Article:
This deep caring for their own kids, this desire on the part of prep coaches to get their teenage stars college offers, is balanced by a kind of surpassing competitive integrity. They can’t afford to oversell. The respect coaches have for each other and for the difference talent and intangibles create is for them vocational sanctity.

Michigan State football coach Nick Saban was 34-24-1 in five seasons in East Lansing.

“He’s a good one, Nick,” McFarland said that day, nodding, speaking of a rival talent, a down-the-road recruit, Saban had inquired about. This for Saban was reinforcement, an objective eye helping a Big Ten coach keep priorities straight as future classes were being considered.

In fact, the conversations with college coaches work, then and now, just as critically for a prep coach. The high school guys need feedback on how their players rate, nationally. Critiques from colleges studying film of their best talent allow for sharper assessments and projections. That in turn leads to more trust on the other end the next time a college coach calls.

"As a high school coach, one of the most important things to know is that you can ask for an evaluation about your player and get an honest answer," McFarland said later that day, explaining how his particular bond with Saban had been forged. "Some of the programs just give you a lot of talk and put the kid's name on a computer. But there's a lot of respect for Nick in Ohio."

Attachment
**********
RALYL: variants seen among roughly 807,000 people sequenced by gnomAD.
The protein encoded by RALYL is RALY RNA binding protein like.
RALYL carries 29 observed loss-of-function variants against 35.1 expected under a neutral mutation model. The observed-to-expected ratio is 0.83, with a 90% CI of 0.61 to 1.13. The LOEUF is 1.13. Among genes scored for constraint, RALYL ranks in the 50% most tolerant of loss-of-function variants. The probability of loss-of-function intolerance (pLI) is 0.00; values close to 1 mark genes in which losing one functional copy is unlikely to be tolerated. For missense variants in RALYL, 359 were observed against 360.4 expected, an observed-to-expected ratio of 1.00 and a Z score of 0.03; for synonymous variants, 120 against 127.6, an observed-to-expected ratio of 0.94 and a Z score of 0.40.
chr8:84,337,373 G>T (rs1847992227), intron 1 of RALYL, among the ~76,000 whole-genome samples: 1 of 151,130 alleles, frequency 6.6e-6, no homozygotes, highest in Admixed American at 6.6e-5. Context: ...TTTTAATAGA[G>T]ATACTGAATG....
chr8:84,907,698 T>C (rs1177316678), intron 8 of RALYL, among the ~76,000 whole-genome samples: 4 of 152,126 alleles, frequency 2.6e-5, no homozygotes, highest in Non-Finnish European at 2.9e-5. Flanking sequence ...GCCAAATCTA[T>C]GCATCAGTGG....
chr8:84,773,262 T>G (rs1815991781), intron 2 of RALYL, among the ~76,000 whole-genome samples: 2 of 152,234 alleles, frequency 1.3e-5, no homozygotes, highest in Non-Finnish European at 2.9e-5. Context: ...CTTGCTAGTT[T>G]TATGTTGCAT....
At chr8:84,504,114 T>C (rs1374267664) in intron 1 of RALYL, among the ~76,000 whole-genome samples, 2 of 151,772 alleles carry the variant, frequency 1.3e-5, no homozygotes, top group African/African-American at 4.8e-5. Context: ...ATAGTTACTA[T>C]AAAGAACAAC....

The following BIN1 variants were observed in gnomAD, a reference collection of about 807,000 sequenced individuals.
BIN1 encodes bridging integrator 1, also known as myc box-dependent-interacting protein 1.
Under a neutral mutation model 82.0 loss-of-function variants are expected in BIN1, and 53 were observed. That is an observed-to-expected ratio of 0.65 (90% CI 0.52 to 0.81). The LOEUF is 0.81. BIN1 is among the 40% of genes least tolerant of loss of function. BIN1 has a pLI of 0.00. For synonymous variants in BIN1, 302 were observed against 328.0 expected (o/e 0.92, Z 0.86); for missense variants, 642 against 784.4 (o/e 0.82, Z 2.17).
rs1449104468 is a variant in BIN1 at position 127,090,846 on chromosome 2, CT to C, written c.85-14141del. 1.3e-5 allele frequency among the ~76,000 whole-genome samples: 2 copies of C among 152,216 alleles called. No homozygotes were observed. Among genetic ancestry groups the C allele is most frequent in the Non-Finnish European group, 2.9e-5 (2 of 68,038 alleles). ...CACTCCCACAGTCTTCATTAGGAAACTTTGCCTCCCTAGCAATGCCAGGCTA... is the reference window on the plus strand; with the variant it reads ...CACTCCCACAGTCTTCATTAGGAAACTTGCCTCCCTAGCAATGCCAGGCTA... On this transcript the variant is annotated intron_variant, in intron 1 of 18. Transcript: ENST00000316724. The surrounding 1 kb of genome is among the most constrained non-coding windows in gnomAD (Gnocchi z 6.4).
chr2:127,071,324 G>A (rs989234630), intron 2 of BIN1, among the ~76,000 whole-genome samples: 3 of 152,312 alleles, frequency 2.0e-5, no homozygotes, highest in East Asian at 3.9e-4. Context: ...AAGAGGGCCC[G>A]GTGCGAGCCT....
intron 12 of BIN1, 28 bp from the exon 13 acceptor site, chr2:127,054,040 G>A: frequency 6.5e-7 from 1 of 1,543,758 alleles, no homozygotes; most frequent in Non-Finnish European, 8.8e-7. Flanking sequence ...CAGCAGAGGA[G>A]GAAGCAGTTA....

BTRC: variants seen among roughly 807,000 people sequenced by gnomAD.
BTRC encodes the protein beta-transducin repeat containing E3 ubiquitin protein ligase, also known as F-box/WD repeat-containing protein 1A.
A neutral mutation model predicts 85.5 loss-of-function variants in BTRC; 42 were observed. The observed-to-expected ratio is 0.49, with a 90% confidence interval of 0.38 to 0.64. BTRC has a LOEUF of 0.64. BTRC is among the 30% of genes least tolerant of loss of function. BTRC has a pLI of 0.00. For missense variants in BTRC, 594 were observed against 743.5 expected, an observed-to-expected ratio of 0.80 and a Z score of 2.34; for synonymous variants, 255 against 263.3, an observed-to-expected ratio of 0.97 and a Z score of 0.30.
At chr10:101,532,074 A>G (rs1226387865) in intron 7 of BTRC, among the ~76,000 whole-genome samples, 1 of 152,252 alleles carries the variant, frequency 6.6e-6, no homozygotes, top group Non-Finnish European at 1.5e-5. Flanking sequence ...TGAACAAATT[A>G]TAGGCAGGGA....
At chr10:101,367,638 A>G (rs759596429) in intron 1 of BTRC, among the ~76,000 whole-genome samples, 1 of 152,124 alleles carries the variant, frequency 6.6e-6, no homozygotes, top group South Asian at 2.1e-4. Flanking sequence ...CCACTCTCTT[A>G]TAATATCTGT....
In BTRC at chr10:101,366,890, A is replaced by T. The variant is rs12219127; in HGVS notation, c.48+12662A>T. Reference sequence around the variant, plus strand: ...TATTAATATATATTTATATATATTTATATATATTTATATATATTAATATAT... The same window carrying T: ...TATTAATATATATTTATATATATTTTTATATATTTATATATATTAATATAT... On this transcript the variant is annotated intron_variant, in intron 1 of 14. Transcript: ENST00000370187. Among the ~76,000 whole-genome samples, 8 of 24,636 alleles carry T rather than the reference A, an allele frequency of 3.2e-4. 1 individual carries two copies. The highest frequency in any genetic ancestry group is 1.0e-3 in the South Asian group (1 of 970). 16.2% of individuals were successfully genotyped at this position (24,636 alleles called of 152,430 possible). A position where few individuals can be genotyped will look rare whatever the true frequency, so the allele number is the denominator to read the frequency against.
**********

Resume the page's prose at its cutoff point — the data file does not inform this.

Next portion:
By noon, Saban had let it be known to Stepanovich, by a head coach’s sheer presence, that MSU wanted him to personally see — at camp, during a visit, or both — all the splendor that could be his in East Lansing. Saban was barred by rules from any in-school contact with a recruit. But he had made sure Stepanovich was aware. And the sight of Stepanovich against his locker as Saban made his way along a hallway from McFarland’s office to the school parking lot quashed any doubts there.

It was time for lunch. At least for Ruel, as the two men drove into a Wendy’s. Saban was locked in on his cellphone, speaking with other assistants in other territories, getting a bead on what players were leaning toward what schools, checking on updates from his office.

Ruel ordered from the drive-in window a burger and a combo beverage. Saban, the man who seemingly never met a calorie he liked, stuck with a soft drink. No food. Their lunch break had taken all of 10 minutes.

Check-ins at Midpark, Garfield Heights, and Walsh Jesuit, about an hour at each high school, continued. More deep conversations with head coaches. More relationships bolstered.

The Cadillac spun from Walsh Jesuit’s lot at 4 p.m. on a path back to the Marriott. The coaches would shower, change clothes, and head for their lasagna dinner (NCAA rules prevented media people from sitting in on at-home visits).

Saban pulled into a seat at the Marriott’s bar. He had decided he could at least withstand a bowl of tomato soup before heading to his room and shower.